How do you know if you have bronchitis?, Cooper Tweeted.
Even some of his followers seem to think turning to the little blue bird in the cloud for health advice was not the best idea:
When a doctor says “You have bronchitis”. Usually. Not always.
I generally just go with the opinion of a million and a half strangers.
I feel like @andersoncooper has health insurance.
Health experts have studied the rise of Google and at-your-fingertips health information for years. In a 2009 article for the Washington Post about the misleading tendency of online symptom search, Dr. Eric Horvitz said:
We now see [the Internet] as a general oracle, in our pockets and desktops, that we can just ask questions to, and people think it’s going to answer all questions in a quality manner; therefore, people turn to the system and say, ‘Diagnose me; here are the symptoms.’
If obsessive late-night symptom Googling has made hypochondriacs of us all — apt to think that charley horse in our leg is as likely to be dengue fever or thrombosis as it is to be dehydration or an exercise strain — it has also proven that there are credible resources out there that can make us more informed, educated and aware, like Medline Plus and the National Institutes of Health.
And I don’t know about you, but as someone who’s kind of a hypochondriac anyway, the blue light of Google has helped me get to sleep after waking up convinced that I was suffering from some exotic and life-threatening emergency.
But separating reliable from not-so-reliable information can be so tricky. And when you turn to the crowd — Twitter, Facebook, Yahoo Answers, Metafilter — how can you reasonably evaluate the advice you get? What do you do when someone suggests homeopathic remedies (someone on Twitter suggested that Anderson Cooper treat his symptoms with oregano oil) or anecdotal evidence (“I had the same thing, it turned out to be mono”)?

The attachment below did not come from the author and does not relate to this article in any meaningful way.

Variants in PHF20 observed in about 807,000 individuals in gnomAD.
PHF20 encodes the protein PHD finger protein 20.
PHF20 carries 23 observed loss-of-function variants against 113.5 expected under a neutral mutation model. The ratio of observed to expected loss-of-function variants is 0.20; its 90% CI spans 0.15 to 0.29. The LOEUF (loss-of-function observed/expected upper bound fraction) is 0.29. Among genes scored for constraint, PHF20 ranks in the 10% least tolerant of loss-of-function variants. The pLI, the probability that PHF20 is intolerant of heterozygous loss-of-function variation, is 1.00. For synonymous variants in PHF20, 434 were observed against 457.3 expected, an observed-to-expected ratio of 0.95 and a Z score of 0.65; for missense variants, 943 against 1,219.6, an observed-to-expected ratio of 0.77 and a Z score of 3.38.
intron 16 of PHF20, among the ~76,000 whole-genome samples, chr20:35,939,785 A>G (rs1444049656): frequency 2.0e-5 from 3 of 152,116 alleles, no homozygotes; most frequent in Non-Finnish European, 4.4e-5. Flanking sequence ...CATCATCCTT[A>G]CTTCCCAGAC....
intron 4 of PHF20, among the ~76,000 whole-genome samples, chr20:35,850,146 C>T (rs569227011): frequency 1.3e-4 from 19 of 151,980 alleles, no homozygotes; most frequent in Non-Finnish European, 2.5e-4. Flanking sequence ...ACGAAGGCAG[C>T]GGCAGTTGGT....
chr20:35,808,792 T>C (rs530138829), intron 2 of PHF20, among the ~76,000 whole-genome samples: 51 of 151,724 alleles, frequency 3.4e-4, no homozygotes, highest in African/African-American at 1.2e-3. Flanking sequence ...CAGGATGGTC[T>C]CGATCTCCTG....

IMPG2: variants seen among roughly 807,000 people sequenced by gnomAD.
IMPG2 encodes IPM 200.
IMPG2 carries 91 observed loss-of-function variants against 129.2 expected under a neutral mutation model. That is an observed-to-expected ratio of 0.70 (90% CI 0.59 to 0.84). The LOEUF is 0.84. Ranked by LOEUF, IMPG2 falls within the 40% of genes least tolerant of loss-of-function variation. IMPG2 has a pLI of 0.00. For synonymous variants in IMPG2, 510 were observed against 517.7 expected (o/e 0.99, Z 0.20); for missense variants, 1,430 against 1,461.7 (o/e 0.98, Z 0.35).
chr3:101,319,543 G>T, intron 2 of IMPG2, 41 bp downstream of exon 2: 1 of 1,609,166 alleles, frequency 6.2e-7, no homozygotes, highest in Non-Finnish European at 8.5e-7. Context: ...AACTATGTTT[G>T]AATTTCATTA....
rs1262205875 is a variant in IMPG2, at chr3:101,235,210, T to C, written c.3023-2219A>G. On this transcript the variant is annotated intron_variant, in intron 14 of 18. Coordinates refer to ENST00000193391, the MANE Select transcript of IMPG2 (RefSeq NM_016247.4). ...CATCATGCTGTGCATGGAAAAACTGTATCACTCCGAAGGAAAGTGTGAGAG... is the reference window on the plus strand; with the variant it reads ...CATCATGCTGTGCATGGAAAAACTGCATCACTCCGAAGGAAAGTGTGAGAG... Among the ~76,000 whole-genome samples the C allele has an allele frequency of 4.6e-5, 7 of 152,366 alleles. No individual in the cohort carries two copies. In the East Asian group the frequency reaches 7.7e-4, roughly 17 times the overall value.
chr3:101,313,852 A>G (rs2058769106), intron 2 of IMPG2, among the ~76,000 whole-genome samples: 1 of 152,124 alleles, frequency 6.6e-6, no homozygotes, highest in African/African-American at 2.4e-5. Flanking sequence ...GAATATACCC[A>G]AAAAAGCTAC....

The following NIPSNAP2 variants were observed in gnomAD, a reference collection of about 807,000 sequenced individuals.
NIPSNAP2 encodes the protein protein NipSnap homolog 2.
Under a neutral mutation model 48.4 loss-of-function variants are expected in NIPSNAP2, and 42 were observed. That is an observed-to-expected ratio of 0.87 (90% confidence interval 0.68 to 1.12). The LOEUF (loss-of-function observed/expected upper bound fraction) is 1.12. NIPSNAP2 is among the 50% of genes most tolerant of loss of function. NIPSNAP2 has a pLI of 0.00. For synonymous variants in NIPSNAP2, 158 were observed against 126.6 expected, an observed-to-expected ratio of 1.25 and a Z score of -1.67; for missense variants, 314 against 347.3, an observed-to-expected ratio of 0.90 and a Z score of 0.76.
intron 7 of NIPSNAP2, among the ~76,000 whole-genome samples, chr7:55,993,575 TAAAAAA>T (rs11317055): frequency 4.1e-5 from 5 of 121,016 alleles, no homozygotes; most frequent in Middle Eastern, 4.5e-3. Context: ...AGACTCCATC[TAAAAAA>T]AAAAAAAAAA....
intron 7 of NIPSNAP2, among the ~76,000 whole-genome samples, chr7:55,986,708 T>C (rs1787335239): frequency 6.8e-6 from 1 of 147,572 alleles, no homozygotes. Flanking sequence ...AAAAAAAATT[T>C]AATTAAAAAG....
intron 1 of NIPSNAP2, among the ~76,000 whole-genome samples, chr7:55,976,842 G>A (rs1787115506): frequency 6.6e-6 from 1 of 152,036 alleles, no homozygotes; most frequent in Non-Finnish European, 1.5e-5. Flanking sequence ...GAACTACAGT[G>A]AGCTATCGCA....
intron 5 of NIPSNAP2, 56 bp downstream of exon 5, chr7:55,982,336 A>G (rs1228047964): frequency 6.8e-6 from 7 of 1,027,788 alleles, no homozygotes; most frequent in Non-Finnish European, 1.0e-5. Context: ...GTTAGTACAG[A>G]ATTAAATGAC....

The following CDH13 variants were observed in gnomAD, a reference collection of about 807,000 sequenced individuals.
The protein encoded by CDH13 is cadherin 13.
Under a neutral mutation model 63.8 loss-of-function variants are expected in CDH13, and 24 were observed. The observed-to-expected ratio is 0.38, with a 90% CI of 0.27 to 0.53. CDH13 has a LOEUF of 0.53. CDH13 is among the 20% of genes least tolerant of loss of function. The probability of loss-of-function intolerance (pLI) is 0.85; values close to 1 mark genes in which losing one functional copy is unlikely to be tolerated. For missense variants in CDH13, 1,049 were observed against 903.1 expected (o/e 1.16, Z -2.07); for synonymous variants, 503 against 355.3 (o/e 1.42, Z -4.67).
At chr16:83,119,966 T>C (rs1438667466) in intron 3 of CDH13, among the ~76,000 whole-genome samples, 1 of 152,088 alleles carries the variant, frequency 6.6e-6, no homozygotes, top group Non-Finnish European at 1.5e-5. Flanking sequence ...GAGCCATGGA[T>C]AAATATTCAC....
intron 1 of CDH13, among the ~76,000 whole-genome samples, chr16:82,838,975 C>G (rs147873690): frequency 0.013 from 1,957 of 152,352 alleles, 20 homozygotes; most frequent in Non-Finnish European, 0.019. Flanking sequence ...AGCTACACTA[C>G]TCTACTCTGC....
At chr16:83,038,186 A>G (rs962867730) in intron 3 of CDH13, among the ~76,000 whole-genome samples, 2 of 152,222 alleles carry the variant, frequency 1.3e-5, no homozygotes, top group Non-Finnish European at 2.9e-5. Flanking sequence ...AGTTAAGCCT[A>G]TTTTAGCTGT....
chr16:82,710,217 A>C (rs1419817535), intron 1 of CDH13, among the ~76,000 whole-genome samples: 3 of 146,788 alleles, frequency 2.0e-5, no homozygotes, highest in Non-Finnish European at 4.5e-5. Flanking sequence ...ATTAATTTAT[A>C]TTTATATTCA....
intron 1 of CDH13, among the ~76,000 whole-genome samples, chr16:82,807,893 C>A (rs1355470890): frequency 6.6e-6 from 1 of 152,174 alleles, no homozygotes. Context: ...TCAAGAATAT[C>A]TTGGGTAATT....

Confusion and misinformation can spread as quickly as any cold or flu.
And what if there is a real emergency at hand? The crowd and the cloud provide a never-ending font of second opinions. Will you be caught in that web, searching for the Perfect Answer, before you seek help?
We know there are times to dive into the deep well of human knowledge and experience available on the internet, even for health information. But when it comes to self-diagnosis, you might be better off with a concise, medically-reviewed self-care book, a nurse advice line, or an old-fashioned visit to your primary care physician.
Common sense, right? And let’s face it: haven’t we all been symptom searchers? I do it compulsively, guiltily and surreptitiously. It still makes me feel better. But I know it’s no replacement for actually calling my doctor.
Especially when I think it might be serious. Serious like bronchitis.